Hemorrhaging Faith offers both bad news and good news. In this respect, its findings ring true to me. Young adults are leaving Capital C Christianity and the Church.  But they are still spiritual beings. They still have questions. They are still seeking answers.

Will the Christian Church engage these young adults, welcome them with open arms, regardless of their skepticism, stubbornness and annoying sense of entitlement?

I certainly hope so. Not so much for the sake of the church, but for the sake of young adults.

Lynda MacGibbon’s column appears each Friday in the Moncton Times & Transcript. Contact her at lmacgibbon@gmail.com and follow her on Twitter @lyndmacgibbon. Visit www.hemorrhagingfaith.com to obtain a copy of the report.

 

 

9 thoughts on “Engaging young adults in faith: possible or not?

  1. Can you send this to me as an email attachment so I can forward to some people as a follow up to some recent relevant discussions about declining youth in our church.

  2. Reblogged this on The Wet Canoeist and commented:
    Lynda has worked with young people, and cared for young people, and has great things to offer. The reality of first year university student leaving the Church is a SERIOUS reality, and NEEDS to be talked more about.

  3. Thanks for this, Lynda–I received your article by way of Lindi Lewis’ f/b entry & find that it echoes what I am discovering as I re-engage young people in the church and outside of it–i.e., beyond the committed corps of Regent College students. I find even those young people who maintain churchgoing out of conviction or habit struggle to find meaning in it for themselves. Best regards–Maxine Hancock

  4. Reblogged this on At least we made it this far… and commented:
    As a young adult who happens to still go to church and such, I feel that being connected to a faith community offers the accountability, teaching and challenges that I need to really grapple with my faith. For me, personally, church is not an option, but a part of life because God is a part of my life.
    Often, I am asked by people of all ages and backgrounds why I still choose to go to church in the midst of people leaving. I have watched friends leave, I have been in churches where I am one of the few under 50. Honestly, I don’t know. I have left the faith practices in which I was fundamentally raised. I am sure some of my relatives think I am bat crazy for attending an evangelical church and being so in to God. But, that made it real to me, it made Him real to me. Plus, I had a community of people who supported those choices.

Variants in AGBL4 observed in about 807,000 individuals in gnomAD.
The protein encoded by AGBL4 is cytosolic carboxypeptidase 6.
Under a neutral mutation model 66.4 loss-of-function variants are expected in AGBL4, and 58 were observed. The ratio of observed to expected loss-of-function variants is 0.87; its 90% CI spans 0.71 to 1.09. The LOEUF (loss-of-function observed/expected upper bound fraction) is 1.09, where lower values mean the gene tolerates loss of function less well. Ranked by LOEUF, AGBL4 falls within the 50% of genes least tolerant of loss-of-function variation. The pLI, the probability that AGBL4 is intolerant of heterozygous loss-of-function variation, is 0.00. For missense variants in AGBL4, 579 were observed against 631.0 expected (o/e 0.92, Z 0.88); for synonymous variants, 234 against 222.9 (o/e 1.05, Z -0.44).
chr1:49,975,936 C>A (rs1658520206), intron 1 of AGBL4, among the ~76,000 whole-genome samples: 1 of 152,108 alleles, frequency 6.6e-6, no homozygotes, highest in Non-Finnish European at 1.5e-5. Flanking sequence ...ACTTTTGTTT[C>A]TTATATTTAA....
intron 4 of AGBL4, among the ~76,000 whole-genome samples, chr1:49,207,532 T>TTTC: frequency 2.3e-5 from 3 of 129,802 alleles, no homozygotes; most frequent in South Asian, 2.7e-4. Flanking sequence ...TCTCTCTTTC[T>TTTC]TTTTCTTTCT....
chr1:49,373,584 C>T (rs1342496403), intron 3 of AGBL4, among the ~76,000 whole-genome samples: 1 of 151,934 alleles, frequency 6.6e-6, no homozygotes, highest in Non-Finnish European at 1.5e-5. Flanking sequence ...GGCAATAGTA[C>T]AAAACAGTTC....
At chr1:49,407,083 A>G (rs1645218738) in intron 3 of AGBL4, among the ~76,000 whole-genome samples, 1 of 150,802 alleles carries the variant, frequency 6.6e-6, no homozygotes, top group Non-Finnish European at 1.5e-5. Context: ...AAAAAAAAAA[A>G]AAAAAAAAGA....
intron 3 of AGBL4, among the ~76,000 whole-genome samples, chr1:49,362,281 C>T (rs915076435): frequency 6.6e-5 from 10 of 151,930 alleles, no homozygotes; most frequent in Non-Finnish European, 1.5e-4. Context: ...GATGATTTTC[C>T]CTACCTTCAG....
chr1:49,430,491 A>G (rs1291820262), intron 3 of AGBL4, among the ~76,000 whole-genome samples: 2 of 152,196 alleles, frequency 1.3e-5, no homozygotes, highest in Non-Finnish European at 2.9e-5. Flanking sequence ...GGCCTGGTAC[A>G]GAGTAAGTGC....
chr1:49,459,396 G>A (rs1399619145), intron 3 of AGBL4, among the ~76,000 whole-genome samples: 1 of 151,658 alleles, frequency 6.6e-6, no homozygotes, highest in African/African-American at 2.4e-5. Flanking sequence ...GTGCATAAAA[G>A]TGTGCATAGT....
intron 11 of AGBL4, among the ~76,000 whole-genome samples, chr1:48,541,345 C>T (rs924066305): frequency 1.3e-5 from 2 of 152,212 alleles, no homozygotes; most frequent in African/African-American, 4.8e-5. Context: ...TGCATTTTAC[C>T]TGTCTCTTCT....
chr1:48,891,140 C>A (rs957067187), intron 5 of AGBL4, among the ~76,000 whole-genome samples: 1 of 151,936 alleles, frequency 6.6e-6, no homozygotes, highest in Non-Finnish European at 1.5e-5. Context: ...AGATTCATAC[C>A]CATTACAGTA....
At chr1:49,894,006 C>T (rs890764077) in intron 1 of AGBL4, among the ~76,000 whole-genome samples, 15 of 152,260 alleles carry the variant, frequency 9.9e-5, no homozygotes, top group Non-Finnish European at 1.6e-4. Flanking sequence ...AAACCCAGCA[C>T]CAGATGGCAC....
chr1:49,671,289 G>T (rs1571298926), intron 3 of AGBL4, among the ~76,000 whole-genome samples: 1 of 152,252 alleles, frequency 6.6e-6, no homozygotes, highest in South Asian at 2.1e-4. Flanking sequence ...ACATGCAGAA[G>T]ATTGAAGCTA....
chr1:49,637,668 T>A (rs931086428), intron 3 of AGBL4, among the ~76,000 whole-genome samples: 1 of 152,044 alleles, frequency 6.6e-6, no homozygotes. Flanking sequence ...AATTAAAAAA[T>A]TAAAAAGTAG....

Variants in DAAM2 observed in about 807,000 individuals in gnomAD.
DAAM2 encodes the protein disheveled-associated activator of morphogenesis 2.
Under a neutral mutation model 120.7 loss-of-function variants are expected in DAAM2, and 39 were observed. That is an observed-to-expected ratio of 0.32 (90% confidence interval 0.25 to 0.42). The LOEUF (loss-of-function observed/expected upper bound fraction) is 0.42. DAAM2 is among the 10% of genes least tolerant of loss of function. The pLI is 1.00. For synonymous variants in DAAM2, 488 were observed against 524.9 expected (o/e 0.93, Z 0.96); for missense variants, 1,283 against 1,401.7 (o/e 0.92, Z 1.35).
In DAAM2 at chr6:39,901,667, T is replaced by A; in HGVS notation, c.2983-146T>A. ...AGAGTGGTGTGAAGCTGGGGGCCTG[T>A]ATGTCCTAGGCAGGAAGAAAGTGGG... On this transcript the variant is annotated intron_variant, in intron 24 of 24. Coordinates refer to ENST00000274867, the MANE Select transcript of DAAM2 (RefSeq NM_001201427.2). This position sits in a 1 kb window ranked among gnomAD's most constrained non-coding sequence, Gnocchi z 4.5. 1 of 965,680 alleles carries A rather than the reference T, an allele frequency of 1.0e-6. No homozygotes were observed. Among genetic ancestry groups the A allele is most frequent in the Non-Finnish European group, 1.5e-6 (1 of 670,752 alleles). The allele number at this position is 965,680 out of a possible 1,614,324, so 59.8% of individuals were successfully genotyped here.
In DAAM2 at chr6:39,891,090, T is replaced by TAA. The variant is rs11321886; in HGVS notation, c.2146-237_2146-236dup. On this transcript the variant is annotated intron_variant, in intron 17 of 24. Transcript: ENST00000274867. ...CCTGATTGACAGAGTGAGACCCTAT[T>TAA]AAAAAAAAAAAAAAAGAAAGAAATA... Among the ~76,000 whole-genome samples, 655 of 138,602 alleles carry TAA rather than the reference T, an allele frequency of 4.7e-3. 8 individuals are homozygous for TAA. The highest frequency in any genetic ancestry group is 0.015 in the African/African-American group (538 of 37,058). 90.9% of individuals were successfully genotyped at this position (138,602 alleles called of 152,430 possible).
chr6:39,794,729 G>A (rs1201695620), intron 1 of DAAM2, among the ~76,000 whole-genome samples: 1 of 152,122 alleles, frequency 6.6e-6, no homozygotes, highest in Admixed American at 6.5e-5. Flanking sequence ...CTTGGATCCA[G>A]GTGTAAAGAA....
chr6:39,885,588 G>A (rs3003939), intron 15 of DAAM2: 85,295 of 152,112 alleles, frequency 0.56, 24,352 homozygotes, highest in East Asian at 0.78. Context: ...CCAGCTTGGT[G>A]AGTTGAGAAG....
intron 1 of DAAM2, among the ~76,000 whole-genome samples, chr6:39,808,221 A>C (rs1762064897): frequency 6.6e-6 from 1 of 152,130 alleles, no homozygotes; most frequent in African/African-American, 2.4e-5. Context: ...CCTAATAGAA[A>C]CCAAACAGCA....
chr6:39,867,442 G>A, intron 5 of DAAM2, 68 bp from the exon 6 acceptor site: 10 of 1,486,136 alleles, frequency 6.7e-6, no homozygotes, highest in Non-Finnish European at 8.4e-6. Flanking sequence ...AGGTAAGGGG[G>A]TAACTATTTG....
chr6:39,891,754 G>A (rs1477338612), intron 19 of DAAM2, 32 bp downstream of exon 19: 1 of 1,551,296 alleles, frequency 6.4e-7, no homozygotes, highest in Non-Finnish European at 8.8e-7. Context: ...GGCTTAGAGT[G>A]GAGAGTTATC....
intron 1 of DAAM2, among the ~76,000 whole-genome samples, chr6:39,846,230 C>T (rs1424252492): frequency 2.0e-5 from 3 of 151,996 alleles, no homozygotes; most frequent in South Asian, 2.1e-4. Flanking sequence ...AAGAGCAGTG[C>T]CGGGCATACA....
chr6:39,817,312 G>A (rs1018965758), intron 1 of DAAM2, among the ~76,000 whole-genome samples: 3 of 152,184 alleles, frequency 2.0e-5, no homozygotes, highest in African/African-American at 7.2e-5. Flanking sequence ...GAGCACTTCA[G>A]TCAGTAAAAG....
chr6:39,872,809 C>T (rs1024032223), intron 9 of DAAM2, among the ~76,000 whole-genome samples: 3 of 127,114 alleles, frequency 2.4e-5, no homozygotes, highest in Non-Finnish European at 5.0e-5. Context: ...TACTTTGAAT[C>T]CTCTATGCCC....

People my age aren’t anti-God or anti-faith. But, they are cynical. We live in an evidence based society. Many have had a lot of hurt. They don’t trust the church as an organization.
    Lynda MacGibbon, a lovely writer, wrote this post on young adults and the church. She works for the organization, InterVarsity Christian Fellowship, and was one of the staff that helped guide me and many of my friends through our undergraduate years by both challenging and encouraging us.
    She concludes the piece by saying she hopes the Church can welcome and engage young adults, not for the sake of the church, but for the sake of the young adults. And that point rings true to me. We need to be concerned about those people out there, not just the numbers game at the church.
    I think people need to admit there is an issue, as the paper she referenced does, in order to find a solution. Young adults are people too and they want to be engaged. Just maybe not in the same traditional Sunday Service ways.

  5. Hi Lynda, enjoyed reading your article on engaging young adults. I do a lot of that through hockey chapels and I do meet many older teens who are actually interested in exploring. The authenticity of our faith is also critical in gaining an audience. Blessings on your ministry.

    1. Hi Bruce,
      Great to hear from you! I think you are correct. Authentic is the key word, isn’t. I think young adults can smell insincerity a mile away. Lois and I were discussing how fortunate we were to have grown up in a church that gave us such a free rein in leadership back in the day when we were teenagers and young adults. I think that’s one of the reasons I’m still ‘in the church’.

      blessings to you and your ministry. And a big hello to Vicki!